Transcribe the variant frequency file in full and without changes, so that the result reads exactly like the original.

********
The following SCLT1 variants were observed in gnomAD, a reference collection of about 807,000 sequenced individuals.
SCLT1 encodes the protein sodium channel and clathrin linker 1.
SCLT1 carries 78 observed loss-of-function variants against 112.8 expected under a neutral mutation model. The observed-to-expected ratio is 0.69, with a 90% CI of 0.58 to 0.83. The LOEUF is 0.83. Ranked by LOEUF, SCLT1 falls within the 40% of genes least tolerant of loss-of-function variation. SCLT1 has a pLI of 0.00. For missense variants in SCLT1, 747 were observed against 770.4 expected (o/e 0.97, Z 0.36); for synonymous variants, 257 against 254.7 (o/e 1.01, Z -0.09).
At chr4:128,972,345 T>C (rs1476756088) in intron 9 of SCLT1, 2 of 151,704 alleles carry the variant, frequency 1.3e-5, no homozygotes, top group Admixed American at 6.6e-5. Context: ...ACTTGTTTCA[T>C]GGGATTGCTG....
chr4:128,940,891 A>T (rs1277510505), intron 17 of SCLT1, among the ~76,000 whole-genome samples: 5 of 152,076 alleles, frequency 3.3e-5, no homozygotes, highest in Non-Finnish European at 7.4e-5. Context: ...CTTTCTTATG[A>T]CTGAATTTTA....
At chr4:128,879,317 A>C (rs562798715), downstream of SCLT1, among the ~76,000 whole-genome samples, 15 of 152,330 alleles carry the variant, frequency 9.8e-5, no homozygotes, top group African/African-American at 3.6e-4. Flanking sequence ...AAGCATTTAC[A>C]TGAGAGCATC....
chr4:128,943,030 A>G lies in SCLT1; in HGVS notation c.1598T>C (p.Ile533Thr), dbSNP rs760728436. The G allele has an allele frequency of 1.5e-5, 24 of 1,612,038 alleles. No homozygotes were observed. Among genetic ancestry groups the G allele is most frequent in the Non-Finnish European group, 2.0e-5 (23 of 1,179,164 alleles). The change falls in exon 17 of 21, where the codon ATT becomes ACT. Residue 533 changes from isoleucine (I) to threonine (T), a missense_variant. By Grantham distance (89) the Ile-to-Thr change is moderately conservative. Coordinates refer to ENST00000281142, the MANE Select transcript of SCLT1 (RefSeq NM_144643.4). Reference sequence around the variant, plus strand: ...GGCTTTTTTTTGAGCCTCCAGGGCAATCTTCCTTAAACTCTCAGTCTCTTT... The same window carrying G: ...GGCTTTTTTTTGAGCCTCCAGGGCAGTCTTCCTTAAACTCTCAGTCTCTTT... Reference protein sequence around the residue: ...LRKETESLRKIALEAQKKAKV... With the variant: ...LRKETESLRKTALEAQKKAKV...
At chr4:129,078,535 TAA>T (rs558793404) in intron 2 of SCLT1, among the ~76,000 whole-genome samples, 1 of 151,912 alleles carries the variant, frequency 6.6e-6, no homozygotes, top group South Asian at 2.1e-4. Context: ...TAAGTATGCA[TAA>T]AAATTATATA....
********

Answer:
The following SCLT1 variants were observed in gnomAD, a reference collection of about 807,000 sequenced individuals.
SCLT1 encodes the protein sodium channel and clathrin linker 1.
SCLT1 carries 78 observed loss-of-function variants against 112.8 expected under a neutral mutation model. The observed-to-expected ratio is 0.69, with a 90% CI of 0.58 to 0.83. The LOEUF is 0.83. Ranked by LOEUF, SCLT1 falls within the 40% of genes least tolerant of loss-of-function variation. SCLT1 has a pLI of 0.00. For missense variants in SCLT1, 747 were observed against 770.4 expected (o/e 0.97, Z 0.36); for synonymous variants, 257 against 254.7 (o/e 1.01, Z -0.09).
At chr4:128,972,345 T>C (rs1476756088) in intron 9 of SCLT1, 2 of 151,704 alleles carry the variant, frequency 1.3e-5, no homozygotes, top group Admixed American at 6.6e-5. Context: ...ACTTGTTTCA[T>C]GGGATTGCTG....
chr4:128,940,891 A>T (rs1277510505), intron 17 of SCLT1, among the ~76,000 whole-genome samples: 5 of 152,076 alleles, frequency 3.3e-5, no homozygotes, highest in Non-Finnish European at 7.4e-5. Context: ...CTTTCTTATG[A>T]CTGAATTTTA....
At chr4:128,879,317 A>C (rs562798715), downstream of SCLT1, among the ~76,000 whole-genome samples, 15 of 152,330 alleles carry the variant, frequency 9.8e-5, no homozygotes, top group African/African-American at 3.6e-4. Flanking sequence ...AAGCATTTAC[A>C]TGAGAGCATC....
chr4:128,943,030 A>G lies in SCLT1; in HGVS notation c.1598T>C (p.Ile533Thr), dbSNP rs760728436. The G allele has an allele frequency of 1.5e-5, 24 of 1,612,038 alleles. No homozygotes were observed. Among genetic ancestry groups the G allele is most frequent in the Non-Finnish European group, 2.0e-5 (23 of 1,179,164 alleles). The change falls in exon 17 of 21, where the codon ATT becomes ACT. Residue 533 changes from isoleucine (I) to threonine (T), a missense_variant. By Grantham distance (89) the Ile-to-Thr change is moderately conservative. Coordinates refer to ENST00000281142, the MANE Select transcript of SCLT1 (RefSeq NM_144643.4). Reference sequence around the variant, plus strand: ...GGCTTTTTTTTGAGCCTCCAGGGCAATCTTCCTTAAACTCTCAGTCTCTTT... The same window carrying G: ...GGCTTTTTTTTGAGCCTCCAGGGCAGTCTTCCTTAAACTCTCAGTCTCTTT... Reference protein sequence around the residue: ...LRKETESLRKIALEAQKKAKV... With the variant: ...LRKETESLRKTALEAQKKAKV...
At chr4:129,078,535 TAA>T (rs558793404) in intron 2 of SCLT1, among the ~76,000 whole-genome samples, 1 of 151,912 alleles carries the variant, frequency 6.6e-6, no homozygotes, top group South Asian at 2.1e-4. Context: ...TAAGTATGCA[TAA>T]AAATTATATA....